The veil used can be any size because it is simply draped over the post supporting the finished canopy. For underneath the veil, you need both gauzy silk tulle and slightly heavier habotai silk (often used for lining men’s jackets), plus silk ribbon for binding the visible edge of the canopy. If your budget doesn’t extend to these materials, you can use cheaper tulle, netting or other synthetics for this project, but they tend to be stiffer and therefore will not hang in the same way as natural silks. To work out how much fabric you need, start by finding the central point on the headboard, then mark how high above that point you want the canopy to hang. Measure from the high point down to the corner of the headboard, where the canopy will be tied back, then measure from there down to the floor. Add the figures together, multiply by two, and that gives the total length needed for each under-layer and the ribbon (you can add extra if you want your canopy to drape on the floor as Janine ’s does). Janine ’s bed was king-sized, so Sue used 12 metres of silk tulle (6 metres for each layer), 6 metres of habotai silk, and 6 metres of ribbon.

  • Step 3

    Repairing and washing the veil

    If your veil is an antique or made from an unusual material, consult an expert for advice before you attempt to repair or wash it. A local dressmaker, alterations shop or bridal shop will be able advise you. If you don’t require expert advice, use a fine needle and silk thread to repair any holes in the veil, making your stitches as small and discreet as possible. Once the repairs have been made, gently wash the veil in lukewarm water with mild soap; never use harsh detergents. Rinse thoroughly, gently squeeze out the excess water by hand (do not spin), then hang up to dry.

  • Step 4

    Dyeing the under-layers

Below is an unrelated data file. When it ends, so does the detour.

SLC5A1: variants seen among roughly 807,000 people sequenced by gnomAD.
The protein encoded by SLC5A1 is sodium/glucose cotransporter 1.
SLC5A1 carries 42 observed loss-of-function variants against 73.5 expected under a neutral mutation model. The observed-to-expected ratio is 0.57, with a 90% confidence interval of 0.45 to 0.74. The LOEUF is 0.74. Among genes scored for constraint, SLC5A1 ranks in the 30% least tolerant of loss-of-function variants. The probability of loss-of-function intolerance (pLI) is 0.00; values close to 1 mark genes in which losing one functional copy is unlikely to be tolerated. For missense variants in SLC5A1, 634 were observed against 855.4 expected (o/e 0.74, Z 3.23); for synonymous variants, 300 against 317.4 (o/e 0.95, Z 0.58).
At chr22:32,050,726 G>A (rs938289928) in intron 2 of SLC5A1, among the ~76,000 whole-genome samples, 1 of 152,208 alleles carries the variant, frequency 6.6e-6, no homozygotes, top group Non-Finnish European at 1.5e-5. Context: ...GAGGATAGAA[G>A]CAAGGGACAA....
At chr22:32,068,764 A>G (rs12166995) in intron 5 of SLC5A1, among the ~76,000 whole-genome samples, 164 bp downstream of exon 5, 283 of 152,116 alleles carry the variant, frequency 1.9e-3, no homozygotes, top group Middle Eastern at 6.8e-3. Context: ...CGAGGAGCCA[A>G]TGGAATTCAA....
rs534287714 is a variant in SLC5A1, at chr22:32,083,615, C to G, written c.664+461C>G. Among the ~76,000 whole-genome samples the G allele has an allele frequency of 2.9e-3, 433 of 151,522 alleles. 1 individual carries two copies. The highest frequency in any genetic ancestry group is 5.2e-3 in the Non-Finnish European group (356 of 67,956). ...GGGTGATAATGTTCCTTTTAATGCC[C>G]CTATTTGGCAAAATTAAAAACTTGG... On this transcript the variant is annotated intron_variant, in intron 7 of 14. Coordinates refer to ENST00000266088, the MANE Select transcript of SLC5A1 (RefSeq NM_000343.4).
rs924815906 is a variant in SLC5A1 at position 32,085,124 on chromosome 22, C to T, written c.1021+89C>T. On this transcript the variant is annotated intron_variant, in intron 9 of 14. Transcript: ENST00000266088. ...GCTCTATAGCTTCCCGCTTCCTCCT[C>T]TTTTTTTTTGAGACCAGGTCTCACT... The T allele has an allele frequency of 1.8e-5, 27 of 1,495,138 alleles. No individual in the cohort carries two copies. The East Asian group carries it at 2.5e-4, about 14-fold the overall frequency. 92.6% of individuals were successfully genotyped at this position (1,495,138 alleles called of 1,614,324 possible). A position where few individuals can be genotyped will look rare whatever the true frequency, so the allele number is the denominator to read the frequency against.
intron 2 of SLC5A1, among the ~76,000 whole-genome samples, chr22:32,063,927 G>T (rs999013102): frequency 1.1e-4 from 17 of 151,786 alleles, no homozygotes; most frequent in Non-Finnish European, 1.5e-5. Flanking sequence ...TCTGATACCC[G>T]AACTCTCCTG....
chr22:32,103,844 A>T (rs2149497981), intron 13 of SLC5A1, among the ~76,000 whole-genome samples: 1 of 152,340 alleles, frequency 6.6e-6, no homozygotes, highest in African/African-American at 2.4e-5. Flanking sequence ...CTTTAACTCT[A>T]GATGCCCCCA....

Thoroughly soak each length of tulle and habotai silk in cool water. Meanwhile, wearing rubber gloves and an apron, prepare your chosen dye according to the manufacturer’s instructions. When it’s ready, testdye a scrap of each fabric to check that it is the colour you want. When you’re happy that the colour is correct, gently squeeze the excess water out of your soaked fabrics and place them in the dye. Stir continuously with a large metal spoon for about 15 minutes, or according to the packet instructions. After that, leave for 30 minutes, stirring occasionally.

    Remove the dyed fabric with tongs and rinse in cold water until the water runs
    clear. Finally, wash in warm water and hang up to dry away from direct heat
    and sunlight. Once the fabric is dry, it can be steam-ironed, but the iron itself must not directly touch the fabric. Always press through a damp cloth. Take your time over this as it’s all too easy to burn the delicate fabric.

  • Step 5

    Stitching the ribbon to the tulle

    Fold the ribbon in half along its length and iron flat. Place the silk fabrics on top of each in any combination you want and align the edges. Tuck the front edge of the three fabrics inside the folded ribbon and pin together along the whole length. This bound edge of the canopy will be visible, so take your time to do it accurately and neatly. Tack together, then machine-stitch with matching thread.

  • Step 6

    Hanging the canopy

    Steam-iron the joined fabrics before you start the hanging process, pressing them through a damp cloth to avoid any risk of burning. Sue used a large vintage yarn spool to hang the canopy from. You can source something similar from second-hand shops or online. Attach the spool to the wall at your chosen centre point above the bed. Hang the silk layers over the spool, with the ribbon edge facing outwards. Drape the fabrics gracefully, then use ribbon to fasten them to either side of the headboard. Finally, place the veil over the spool, ruffling it to make it look beautiful .

Made this project? Share your version »

Comments